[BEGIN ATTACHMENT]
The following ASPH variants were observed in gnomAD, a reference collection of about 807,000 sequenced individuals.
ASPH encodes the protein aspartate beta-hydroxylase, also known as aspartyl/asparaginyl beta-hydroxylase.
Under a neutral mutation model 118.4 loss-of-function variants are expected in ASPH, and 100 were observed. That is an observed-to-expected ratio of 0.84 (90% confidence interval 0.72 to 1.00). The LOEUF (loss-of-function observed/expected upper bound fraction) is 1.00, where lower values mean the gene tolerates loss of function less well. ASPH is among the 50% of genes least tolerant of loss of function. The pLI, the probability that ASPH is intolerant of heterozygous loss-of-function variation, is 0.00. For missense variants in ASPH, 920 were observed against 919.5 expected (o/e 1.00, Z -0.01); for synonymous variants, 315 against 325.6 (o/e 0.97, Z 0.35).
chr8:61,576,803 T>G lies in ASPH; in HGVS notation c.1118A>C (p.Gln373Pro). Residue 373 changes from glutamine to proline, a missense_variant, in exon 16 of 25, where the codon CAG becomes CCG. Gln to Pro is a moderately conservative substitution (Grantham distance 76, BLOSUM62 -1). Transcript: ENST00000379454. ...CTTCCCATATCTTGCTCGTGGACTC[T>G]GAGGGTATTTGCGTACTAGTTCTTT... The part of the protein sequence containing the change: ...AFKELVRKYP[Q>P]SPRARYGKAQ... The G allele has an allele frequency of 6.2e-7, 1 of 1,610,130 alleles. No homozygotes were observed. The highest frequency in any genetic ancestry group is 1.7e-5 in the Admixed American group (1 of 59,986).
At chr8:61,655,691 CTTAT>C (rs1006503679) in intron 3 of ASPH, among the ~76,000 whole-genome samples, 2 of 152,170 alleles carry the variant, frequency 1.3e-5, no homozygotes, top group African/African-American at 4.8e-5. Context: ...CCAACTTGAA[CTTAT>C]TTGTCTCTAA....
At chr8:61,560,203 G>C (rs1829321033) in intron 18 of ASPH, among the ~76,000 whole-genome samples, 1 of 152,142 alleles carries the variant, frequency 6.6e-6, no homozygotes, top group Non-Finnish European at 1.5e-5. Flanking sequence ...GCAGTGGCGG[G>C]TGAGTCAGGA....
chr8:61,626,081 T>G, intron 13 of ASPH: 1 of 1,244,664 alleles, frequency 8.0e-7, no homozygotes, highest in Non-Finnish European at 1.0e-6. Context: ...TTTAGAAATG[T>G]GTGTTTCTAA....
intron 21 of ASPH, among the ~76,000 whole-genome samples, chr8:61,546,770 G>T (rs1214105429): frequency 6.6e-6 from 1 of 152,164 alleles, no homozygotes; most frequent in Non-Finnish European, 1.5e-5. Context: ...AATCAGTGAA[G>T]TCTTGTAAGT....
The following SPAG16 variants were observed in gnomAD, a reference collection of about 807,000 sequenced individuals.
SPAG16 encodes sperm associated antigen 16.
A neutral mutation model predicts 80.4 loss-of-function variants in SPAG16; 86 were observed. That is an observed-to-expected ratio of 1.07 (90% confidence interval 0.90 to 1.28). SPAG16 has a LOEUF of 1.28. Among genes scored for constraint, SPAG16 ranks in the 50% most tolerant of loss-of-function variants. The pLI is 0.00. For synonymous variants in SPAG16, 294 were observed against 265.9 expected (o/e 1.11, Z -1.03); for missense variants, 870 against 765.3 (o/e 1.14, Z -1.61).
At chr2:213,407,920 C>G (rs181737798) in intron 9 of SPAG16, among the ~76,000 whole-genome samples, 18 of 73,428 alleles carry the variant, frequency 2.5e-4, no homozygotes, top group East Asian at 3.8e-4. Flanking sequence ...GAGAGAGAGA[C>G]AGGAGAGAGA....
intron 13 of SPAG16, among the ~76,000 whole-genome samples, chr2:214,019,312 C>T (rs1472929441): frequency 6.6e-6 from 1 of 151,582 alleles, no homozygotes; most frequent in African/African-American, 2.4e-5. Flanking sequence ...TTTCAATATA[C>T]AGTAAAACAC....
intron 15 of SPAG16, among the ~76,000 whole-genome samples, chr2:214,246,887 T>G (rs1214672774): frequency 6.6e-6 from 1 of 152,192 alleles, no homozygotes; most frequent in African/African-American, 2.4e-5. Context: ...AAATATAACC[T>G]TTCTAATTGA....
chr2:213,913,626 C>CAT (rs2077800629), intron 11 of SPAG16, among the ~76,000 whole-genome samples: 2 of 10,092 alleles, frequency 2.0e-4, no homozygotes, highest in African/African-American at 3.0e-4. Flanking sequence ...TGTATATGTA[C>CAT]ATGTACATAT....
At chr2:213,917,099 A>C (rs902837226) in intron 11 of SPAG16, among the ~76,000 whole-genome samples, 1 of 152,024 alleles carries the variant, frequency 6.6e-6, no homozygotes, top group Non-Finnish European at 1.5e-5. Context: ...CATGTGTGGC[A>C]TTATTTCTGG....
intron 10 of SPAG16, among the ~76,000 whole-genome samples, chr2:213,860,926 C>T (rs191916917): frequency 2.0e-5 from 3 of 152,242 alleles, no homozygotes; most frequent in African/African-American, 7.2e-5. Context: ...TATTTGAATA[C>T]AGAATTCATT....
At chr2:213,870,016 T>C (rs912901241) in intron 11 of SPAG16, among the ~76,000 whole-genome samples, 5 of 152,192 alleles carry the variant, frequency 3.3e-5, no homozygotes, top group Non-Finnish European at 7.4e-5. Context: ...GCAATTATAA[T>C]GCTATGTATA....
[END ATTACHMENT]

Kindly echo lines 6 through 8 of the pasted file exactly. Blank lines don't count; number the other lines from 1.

At chr8:61,560,203 G>C (rs1829321033) in intron 18 of ASPH, among the ~76,000 whole-genome samples, 1 of 152,142 alleles carries the variant, frequency 6.6e-6, no homozygotes, top group Non-Finnish European at 1.5e-5. Flanking sequence ...GCAGTGGCGG[G>C]TGAGTCAGGA....
chr8:61,626,081 T>G, intron 13 of ASPH: 1 of 1,244,664 alleles, frequency 8.0e-7, no homozygotes, highest in Non-Finnish European at 1.0e-6. Context: ...TTTAGAAATG[T>G]GTGTTTCTAA....
intron 21 of ASPH, among the ~76,000 whole-genome samples, chr8:61,546,770 G>T (rs1214105429): frequency 6.6e-6 from 1 of 152,164 alleles, no homozygotes; most frequent in Non-Finnish European, 1.5e-5. Context: ...AATCAGTGAA[G>T]TCTTGTAAGT....